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  2. I really like your analogy, Mike. Isn’t there a theory out there about how religions start out radical, but become more conservative (in the sense of not wanting to change) and safe with time? If that were true, would the kind of movement you describe be something even more difficult to fight against, since it would be a common trend? (Just thinking out loud; I could be wrong about the theory or about how applicable it is.)




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  3. This is such a great post. I have been feeling this way for years, but didn’t know how to express it quite so well. How can we get new direction our new revelation err don’t ask questions?
    I am trying to listen to all of the general conference that are available on lds.org, starting from the beginning. I am now in April 1974. And the my biggest take away so far, I haven’t heard anything new. They could be played today and no-one would think they were spoken 40+ years ago. I have heard some great talks and marked different parts, and I catch snippets here and there, but they are the same “dog-eared” pages we are comfortable with.
    I think the big challenge with asking questions, we might learn something new thachchanges our paradigm and it is hard to admit that what we’ve believed is right is wrong or can be improved.




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  4. I don’t think we need to worry about ending up in atheist sea if we truly believe that all truth is Gospel truth. Eastern thought and meditation techniques could be folded in. As could a study of philosophy etc.




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  5. I agree with Kristine. I think one can explore beyond the Mormon ocean without getting lost in the sea of Atheism. Do our leaders really think that our faith is so weak that the smallest breeze of non-scripture will send us into a crisis of faith? Joseph Smith saw it differently:
    “The first and fundamental principle of our holy religion is, that we believe that we have a right to embrace all, and every item of truth, without limitation or without being circumscribed or prohibited by the creeds or superstitious notions of men, or by dominations of one another, when that truth is clearly demonstrated to our minds.”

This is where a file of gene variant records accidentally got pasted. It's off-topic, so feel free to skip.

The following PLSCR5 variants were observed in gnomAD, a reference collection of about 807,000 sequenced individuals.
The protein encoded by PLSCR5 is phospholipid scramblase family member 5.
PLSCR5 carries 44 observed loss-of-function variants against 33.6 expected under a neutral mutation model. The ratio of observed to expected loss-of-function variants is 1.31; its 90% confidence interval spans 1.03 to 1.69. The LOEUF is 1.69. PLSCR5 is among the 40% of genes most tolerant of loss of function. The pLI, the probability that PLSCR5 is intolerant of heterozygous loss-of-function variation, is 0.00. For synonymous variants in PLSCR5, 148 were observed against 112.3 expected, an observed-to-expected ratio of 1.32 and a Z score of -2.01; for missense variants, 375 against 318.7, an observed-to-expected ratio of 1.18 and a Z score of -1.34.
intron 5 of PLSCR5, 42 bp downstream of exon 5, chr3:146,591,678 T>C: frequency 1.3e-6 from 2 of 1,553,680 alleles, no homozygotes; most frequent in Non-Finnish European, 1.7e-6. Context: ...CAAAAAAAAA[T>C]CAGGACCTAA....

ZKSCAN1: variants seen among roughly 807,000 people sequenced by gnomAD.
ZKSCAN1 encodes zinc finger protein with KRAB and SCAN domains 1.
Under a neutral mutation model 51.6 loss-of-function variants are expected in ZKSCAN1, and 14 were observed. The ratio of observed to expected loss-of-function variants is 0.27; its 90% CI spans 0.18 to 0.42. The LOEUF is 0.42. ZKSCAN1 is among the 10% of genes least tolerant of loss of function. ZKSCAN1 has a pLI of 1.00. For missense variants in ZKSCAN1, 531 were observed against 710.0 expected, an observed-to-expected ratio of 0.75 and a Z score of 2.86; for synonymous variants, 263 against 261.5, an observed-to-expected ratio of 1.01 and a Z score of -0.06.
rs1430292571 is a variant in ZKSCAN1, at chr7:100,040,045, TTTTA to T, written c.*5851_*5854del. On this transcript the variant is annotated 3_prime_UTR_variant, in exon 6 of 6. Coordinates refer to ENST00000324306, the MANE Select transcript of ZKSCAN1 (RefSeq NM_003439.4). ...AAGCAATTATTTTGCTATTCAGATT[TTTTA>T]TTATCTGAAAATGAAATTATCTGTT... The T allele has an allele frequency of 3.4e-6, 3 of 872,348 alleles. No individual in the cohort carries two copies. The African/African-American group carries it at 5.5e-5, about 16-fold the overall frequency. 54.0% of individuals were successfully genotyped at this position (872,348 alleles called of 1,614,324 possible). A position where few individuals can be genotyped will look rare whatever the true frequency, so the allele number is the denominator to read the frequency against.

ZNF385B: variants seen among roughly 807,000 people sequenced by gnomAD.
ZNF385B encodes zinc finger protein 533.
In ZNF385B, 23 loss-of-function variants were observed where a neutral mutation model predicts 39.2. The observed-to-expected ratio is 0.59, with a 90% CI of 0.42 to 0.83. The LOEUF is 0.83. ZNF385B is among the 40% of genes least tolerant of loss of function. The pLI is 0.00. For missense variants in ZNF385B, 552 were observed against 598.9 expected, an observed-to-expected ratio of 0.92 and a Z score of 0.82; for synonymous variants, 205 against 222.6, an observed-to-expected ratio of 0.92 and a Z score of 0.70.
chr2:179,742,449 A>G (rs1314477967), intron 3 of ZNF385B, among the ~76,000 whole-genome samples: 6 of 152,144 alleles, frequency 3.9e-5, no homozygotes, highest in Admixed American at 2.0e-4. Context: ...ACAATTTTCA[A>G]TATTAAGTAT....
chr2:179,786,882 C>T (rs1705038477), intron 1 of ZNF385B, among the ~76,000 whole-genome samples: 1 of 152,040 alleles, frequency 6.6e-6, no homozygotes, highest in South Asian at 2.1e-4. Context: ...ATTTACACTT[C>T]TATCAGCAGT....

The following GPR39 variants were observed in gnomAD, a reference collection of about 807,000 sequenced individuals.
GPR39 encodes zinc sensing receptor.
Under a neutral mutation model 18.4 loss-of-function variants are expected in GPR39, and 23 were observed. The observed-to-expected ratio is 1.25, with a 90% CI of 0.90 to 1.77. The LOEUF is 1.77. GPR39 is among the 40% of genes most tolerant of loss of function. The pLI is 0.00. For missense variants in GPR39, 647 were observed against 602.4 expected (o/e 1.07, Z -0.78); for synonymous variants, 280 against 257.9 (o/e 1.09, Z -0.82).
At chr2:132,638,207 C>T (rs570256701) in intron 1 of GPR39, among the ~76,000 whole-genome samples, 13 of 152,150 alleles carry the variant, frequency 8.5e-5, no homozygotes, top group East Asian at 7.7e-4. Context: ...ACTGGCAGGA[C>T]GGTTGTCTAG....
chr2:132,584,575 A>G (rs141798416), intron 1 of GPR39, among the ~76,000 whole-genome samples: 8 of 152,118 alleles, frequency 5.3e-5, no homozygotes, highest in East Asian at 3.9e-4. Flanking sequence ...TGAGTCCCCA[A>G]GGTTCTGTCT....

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  6. Of course you can keep yourself from venturing into Atheist Sea. But that requires, like Kristine said, “believing that all truth is Gospel truth.” That is a fine strategy, but the priority there is clearly to maintain a belief in the gospel.

    If your ultimate priority is complete open mindedness, and I’m not saying that SHOULD be your priority, but if it is, then you will go wherever the winds of truth push your sails. And that could be anywhere, which is quite thrilling but also risky if you don’t want to leave the comforts of Mormon Ocean.




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  7. Dexter, I think you’ve put your finger on the underlying tension. It may be that the highest priority of church leaders must be to ensure the viability of the institution, whereas our individual priority must be to do what we feel is right. For many people those priorities match up, but not always.

    I am not sure there is any way to resolve that tension. I’ve grown up believing that of course the Church wants what’s best for me rather than what’s best for the Church, but perhaps that is asking too much of leaders who feel charged with protecting and preserving the institution first and foremost. They may encourage us to stay in the harbor because that is optimal for the Church (and perhaps for many individuals as well, I don’t know). For me, however, sitting in the harbor has become too damaging to my soul; I must voyage if I hope to be able to look myself in the mirror each day.

    I’ve wished that the Church could be big enough for members who value the good things it has created on dry land, but whose conscience and nature leads them to voyage far from shore. I like to think that the leaders could be more comfortable and confident with making that kind of space, but the events of the past year leave me doubtful. I guess we’ll see.




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  8. I agree, Mike.

    I think the church’s goals are to have members question, but not question too much. But each individual has to decide for him or herself. For some, this means they won’t read certain books. For others, they will. My view is that each person has to decide for themselves how far from shore they want/need to go. And if they rely on someone else’s advice on how far to go (be it their parents or the church or whomever), at some point, they’ll have to take the voyage again. It has to be your own.